Keller’s the exact opposite. His fastball resembles a cutter, more than a modern fastball. This kind of fastball isn’t thrown to generate whiffs, rather, it’s a pitch designed to induce soft contact.
Quick physics lesson. Most fastballs have two forces that impact ball flight: gravity and Magnus force. But if the pitch is thrown with more gyro spin, a third force can be exerted: seam-shifted wake.
Keller’s success with his fastball can be attributed to seam-shifted wake, a term that’s been making the rounds lately. Seam-shifted wake, also called SSW, is a force that is imparted on air-borne baseball under a specific set of conditions. For a pitcher to add seam-shifted wake to his pitches, he needs to alter the seams correctly, which causes a change in the location of wake formation. A delta in the wake formation imparts a force on the ball, which results in the unexpected movement in a different direction. Seam-shifted wake usually occurs on pitched balls that have more gyro spin.
TL;DR: pitched balls that have SSW give it additional late movement, which helps with their effectiveness. However, this late, effective movement can only occur if there isn’t much spin-based movement and if certain criteria is met upon release. Cutters and changeups are two of the most common pitch types that benefit from SSW.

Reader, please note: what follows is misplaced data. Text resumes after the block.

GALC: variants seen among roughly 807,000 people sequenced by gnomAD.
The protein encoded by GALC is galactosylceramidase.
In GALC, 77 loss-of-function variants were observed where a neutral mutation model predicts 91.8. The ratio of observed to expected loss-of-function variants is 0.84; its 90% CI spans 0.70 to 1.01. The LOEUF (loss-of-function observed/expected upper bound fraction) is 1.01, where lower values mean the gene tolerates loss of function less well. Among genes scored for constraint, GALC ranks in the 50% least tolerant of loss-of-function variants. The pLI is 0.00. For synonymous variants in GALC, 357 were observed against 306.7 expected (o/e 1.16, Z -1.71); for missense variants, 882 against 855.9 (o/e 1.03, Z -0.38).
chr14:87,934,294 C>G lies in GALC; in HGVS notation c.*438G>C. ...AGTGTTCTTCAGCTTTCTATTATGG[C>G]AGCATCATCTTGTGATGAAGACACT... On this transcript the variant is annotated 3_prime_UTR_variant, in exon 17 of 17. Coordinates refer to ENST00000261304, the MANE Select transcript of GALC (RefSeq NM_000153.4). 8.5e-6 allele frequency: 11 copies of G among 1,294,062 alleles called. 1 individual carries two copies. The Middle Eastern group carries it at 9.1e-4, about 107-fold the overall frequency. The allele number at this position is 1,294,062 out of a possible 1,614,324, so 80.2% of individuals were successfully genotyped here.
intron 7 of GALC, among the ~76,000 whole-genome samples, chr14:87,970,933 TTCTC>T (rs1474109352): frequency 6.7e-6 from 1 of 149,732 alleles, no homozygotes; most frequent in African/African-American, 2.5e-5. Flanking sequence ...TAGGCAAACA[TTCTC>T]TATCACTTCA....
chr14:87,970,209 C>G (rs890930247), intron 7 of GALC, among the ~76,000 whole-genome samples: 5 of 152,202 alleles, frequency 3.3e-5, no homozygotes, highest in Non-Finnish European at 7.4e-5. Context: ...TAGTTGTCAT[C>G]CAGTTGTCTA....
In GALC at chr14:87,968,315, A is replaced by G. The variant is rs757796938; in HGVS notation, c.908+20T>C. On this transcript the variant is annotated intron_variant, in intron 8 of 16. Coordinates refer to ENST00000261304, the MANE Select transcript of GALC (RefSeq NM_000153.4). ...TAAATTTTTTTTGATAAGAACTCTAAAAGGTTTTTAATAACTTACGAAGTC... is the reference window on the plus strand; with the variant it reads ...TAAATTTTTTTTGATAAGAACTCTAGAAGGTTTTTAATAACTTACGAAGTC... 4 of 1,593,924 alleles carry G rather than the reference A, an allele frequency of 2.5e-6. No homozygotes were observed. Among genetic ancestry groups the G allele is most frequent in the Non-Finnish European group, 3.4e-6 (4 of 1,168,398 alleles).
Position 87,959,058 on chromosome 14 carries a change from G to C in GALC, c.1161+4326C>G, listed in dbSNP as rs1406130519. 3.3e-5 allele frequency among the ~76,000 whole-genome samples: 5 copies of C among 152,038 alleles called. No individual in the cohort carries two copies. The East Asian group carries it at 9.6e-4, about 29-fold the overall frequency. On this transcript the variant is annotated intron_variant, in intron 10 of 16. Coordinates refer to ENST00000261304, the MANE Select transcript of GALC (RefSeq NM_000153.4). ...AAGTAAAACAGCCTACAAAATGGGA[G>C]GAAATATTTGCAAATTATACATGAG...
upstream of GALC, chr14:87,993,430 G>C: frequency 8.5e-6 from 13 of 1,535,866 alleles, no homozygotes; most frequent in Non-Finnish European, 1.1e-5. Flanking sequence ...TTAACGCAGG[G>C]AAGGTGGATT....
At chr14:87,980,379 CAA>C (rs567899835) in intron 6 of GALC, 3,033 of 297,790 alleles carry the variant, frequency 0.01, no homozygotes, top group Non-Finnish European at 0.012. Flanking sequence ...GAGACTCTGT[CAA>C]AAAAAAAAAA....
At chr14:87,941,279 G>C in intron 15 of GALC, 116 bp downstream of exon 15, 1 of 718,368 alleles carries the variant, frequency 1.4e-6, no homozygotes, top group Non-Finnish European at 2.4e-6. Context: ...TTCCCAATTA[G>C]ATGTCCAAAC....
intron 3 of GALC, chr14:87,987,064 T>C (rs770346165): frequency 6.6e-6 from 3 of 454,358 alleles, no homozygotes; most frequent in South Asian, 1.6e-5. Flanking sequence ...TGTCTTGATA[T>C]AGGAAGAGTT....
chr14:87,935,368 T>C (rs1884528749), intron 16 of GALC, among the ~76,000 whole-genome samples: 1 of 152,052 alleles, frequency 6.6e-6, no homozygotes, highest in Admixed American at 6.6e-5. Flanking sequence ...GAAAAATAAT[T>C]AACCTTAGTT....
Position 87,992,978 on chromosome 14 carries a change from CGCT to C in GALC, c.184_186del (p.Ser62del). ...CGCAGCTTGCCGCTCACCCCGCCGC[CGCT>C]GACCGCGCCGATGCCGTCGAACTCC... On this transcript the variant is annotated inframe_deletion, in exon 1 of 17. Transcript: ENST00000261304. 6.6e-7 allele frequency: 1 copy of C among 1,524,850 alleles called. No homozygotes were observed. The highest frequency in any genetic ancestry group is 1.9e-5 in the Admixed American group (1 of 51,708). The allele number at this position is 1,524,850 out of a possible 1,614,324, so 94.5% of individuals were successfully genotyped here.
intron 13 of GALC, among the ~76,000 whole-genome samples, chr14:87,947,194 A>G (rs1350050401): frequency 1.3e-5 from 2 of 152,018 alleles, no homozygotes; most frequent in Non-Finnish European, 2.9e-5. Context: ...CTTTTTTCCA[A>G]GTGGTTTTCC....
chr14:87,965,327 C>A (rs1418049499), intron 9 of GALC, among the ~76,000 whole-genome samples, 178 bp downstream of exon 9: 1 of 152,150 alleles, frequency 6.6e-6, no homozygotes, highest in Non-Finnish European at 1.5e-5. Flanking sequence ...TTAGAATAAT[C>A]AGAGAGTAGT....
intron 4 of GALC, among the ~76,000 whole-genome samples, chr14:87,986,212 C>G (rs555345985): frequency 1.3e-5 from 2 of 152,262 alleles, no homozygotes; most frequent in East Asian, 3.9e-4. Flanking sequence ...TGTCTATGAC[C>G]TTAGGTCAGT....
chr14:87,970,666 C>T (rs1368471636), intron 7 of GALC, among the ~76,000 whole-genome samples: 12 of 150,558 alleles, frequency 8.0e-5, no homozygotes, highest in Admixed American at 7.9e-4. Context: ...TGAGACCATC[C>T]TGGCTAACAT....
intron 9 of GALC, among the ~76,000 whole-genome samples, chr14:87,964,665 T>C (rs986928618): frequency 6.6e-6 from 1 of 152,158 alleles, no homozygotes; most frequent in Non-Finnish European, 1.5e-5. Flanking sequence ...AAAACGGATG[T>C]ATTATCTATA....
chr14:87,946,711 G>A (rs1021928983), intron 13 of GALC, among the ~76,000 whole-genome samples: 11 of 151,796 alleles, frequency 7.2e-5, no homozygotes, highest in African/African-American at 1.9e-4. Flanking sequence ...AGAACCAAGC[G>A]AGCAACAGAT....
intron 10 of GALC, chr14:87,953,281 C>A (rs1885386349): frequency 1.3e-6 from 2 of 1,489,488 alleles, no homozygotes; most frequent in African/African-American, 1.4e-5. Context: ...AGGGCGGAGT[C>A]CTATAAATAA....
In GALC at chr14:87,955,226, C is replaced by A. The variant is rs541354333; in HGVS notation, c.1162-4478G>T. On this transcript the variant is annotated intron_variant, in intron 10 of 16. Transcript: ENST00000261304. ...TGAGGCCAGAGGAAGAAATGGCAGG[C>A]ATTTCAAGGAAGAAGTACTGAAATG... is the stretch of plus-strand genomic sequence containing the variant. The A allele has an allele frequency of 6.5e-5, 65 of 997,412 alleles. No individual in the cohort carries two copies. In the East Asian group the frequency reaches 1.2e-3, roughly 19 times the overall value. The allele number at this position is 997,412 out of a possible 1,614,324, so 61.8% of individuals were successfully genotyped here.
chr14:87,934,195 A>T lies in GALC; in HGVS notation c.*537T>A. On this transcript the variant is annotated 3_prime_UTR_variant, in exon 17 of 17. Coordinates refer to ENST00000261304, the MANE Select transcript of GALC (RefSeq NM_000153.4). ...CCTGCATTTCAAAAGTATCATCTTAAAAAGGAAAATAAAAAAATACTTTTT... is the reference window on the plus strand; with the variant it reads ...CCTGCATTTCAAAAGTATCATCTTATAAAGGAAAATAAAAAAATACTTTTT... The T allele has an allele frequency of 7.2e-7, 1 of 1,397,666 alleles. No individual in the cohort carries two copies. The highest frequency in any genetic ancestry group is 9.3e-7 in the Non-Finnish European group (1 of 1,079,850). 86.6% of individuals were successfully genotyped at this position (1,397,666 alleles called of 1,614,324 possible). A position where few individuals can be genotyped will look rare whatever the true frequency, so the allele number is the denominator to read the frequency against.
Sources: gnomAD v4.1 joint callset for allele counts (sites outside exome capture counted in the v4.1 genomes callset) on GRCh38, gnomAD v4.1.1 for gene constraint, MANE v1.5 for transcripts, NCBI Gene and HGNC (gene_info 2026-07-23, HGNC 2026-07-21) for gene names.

Ever see the late movement of Stephen Strasburg’s trademark changeup? That’s SSW at work.
In 2020, Keller’s sinker, his slider, and his fastball all benefited from seam-shifted wake effects. Opposing hitters only mustered a collaborative .237 wOBA against the three deliveries.
Alec Lewis of The Athletic detailed Keller’s 2020 season and explored how he used SSW to his advantage to generate more ground-balls. As a result, Keller’s 52.8% ground-ball percentage ranked 12th league-wise last year. (min 50 innings)
Here’s a great thread about Keller and how he’s been using seam-shifted wake by baseball physicist Barton Smith.
This season, I expected Keller to continue his stellar, SSW-aided breakout. But the opposite has happened. Keller’s spin efficiency has risen on his fastball, changeup, and slider. His ERA has spiked to 6.34 and his Baseball Savant page isn’t pretty.